return f_name;
}

std::string Employee::getLname()
{
        return l_name;
}

void Employee::setFname(std::string f_name)
{
        this->f_name = f_name;
}

void Employee::setLname(std::string l_name)
{
        this->l_name = l_name;
}

void Employee::setHRate(double hourlyrate)
{
        this->hourlyrate = hourlyrate;
}

void Employee::setHWorked(double hoursworked)
{
        this->hoursworked = hoursworked;
}

bool operator==(const Employee& e1, const Employee& e2)
{
        cout << "Employee::Operator==(const Employee& e1, const Employee& e2)" << endl;
        return e1.getGrossPay() == e2.getGrossPay();
}

I understand this is a lot of very beginner-level code to trudge through, but I would really appreciate any help anyone could offer in helping to grasp this overloaded concept.

I tried overloading the == operator and found that the following code worked.

bool operator== (const Employee& temp)
{
	if(&temp == this)
		return true;

	bool ret = true;

	if(getGrossPay() != temp.getGrossPay())
		ret = false;
	return ret;
}

You didn't need to have two parameters because the object calling the function already counts as one of the objects your comparing.

Well hello again smcp :-)

You actually got the part about operator overloading right. The problem is the keyword 'const'.

One important aspect of 'const' is that:
a) A non-const object can call both const and non-const functions.
b) A const object can call const functions, but NOT non-const functions.

Have a look at this example:

#include <iostream>

class FunWithConst
{
    public:
        void NonConstFunction();
        void ConstFunction() const;
};

void FunWithConst::NonConstFunction()
{
    std::cout << "NonConstFunction" << std::endl;
}

void FunWithConst::ConstFunction() const
{
    std::cout << "ConstFunction" << std::endl;
}

int main()
{
    FunWithConst aNonConstObject;
    const FunWithConst aConstObject;

    aNonConstObject.ConstFunction();
    aNonConstObject.NonConstFunction();
    aConstObject.ConstFunction();
    aConstObject.NonConstFunction(); //ERROR: WILL NOT COMPILE
}

You have two options. You can make the arguments in 'operator==' non-const or you can make 'getGrossPay' const.

Personally I would make 'getGrossPay' const. By making it const you tell the compiler that the function will NOT change the value of the object.

Thanks guys, I appreciate you taking the time to help me out.

Green frog, I tried following your guidelines and changed my code around, but it kept returning an error that the overloaded function must take exactly two arguments.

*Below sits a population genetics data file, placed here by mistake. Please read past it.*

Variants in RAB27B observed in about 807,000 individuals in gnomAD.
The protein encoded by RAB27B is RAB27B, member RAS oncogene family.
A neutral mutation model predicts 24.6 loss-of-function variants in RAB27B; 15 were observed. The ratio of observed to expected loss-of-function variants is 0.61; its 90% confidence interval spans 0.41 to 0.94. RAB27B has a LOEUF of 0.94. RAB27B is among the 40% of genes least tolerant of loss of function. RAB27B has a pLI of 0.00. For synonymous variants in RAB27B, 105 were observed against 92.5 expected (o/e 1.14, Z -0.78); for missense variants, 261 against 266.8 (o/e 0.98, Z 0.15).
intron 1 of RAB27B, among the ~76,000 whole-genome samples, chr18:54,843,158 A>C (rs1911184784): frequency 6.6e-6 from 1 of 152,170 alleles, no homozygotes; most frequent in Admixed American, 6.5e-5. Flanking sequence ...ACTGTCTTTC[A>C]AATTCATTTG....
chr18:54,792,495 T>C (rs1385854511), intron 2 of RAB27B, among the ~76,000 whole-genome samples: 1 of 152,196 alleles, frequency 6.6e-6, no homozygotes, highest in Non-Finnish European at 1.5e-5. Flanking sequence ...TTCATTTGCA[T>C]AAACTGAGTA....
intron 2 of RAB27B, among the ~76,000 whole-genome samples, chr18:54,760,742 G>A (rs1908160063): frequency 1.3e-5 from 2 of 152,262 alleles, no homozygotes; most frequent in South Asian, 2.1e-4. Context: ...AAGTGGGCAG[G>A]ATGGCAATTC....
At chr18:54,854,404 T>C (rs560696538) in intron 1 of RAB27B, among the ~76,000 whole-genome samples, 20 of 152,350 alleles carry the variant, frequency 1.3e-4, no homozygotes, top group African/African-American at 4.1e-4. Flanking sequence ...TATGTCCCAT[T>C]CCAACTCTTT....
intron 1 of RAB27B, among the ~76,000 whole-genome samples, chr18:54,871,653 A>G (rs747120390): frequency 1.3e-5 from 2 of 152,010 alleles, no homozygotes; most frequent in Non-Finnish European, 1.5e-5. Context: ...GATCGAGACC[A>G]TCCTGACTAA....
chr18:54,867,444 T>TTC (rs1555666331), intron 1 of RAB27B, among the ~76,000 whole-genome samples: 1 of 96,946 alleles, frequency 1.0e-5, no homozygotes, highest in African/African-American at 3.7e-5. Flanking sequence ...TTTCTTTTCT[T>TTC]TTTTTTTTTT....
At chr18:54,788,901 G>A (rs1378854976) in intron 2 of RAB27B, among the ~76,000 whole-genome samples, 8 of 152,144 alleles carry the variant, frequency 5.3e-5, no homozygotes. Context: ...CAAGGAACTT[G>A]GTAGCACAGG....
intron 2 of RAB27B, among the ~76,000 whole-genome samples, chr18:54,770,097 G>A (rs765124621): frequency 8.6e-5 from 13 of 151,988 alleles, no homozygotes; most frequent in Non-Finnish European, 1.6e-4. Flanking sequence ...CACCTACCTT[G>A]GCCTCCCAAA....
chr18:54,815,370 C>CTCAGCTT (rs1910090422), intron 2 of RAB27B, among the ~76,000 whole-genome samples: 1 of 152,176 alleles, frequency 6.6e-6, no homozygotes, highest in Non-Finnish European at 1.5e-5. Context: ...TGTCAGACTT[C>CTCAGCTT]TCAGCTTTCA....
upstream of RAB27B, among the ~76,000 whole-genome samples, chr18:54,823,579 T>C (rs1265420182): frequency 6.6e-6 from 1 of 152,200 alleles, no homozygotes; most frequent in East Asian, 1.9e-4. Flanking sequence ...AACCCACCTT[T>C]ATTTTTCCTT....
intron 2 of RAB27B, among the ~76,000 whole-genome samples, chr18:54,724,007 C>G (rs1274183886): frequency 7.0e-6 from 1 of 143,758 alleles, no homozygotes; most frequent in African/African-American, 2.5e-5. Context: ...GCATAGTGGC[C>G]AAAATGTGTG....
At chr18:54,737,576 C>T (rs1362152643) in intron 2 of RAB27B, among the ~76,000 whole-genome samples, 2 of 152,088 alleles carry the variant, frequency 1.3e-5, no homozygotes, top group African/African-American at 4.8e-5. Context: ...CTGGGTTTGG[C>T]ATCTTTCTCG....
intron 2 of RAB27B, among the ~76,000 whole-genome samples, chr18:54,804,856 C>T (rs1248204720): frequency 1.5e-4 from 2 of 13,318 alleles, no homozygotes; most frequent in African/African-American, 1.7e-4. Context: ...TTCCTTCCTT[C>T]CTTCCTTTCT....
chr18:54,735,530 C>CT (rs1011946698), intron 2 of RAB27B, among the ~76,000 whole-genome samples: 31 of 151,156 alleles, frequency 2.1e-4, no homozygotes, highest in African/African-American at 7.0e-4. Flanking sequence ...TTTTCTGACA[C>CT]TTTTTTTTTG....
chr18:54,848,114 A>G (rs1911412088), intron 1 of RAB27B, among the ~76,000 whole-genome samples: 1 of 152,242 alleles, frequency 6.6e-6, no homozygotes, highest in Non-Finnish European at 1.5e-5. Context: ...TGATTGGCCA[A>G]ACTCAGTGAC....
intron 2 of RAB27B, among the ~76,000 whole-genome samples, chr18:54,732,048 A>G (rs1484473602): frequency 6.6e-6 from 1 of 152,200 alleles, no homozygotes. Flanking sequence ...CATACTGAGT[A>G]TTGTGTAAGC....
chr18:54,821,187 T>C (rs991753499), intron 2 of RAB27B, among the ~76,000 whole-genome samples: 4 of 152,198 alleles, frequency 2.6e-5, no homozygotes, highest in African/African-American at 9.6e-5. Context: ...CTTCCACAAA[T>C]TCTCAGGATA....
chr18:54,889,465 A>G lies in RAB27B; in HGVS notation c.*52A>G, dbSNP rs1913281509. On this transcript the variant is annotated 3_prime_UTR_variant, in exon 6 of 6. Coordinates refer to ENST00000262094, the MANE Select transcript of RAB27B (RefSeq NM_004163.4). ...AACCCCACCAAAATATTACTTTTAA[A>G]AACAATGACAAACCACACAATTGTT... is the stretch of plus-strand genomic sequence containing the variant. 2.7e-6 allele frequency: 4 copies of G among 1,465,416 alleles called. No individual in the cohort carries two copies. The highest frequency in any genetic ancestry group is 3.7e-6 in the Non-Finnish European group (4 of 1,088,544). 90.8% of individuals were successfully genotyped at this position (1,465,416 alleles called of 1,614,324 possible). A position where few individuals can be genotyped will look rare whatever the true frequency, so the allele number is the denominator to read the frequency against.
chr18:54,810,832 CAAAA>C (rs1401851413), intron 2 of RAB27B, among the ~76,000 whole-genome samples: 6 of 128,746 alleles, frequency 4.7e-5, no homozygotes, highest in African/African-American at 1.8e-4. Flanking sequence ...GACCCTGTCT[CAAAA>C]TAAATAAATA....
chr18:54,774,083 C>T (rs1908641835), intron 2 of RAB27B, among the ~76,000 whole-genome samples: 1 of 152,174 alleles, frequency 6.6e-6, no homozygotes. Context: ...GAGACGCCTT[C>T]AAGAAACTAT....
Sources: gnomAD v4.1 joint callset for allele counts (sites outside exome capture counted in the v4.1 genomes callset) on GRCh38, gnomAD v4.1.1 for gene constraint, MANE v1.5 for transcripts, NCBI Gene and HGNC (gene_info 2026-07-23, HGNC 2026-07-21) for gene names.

Mb, nice to see you again :)

Did you mean editing the 'double grosspay' to become constant? I'm not sure exactly what you mean, but I tried changing that to a constant it returns an error about an uninitialized constant.

Also, now for some reason I am getting this error:

employee.cpp:144: error: passing âconst Employeeâ as âthisâ argument of âdouble Employee::getGrossPay()â discards qualifiers
employee.cpp:144: error: passing âconst Employeeâ as âthisâ argument of âdouble Employee::getGrossPay()â discards qualifiers

Scratch that, I fixed that error. Read your code a bit more thoroughly and saw that I should add a const after the function to make it getGrossPay() const, which cleared up my error. Now, to figure out how to test this thing :)

And it all works perfectly now :)

Mbulow, I really appreciate your assistance, you have really helped me out more than you can imagine in these past few days.

Edited 6 Years Ago by smcp: n/a

In employee.h change

double getGrossPay();

to

double getGrossPay() const;

In employee.cpp change

double Employee::getGrossPay()
{
...
}

to

double Employee::getGrossPay() const
{
...
}

These two changes makes the getGrossPay-function constant. This tells the compiler that the function will NOT change the state of an Employee-object.

The arguments in operator== are declared as const objects.
Const objects can't change state (member variables can't change value).
Because these objects are const, only member-functions that are const as well can be called.

EDIT: Glad to see you fixed it :)

Edited 6 Years Ago by mbulow: n/a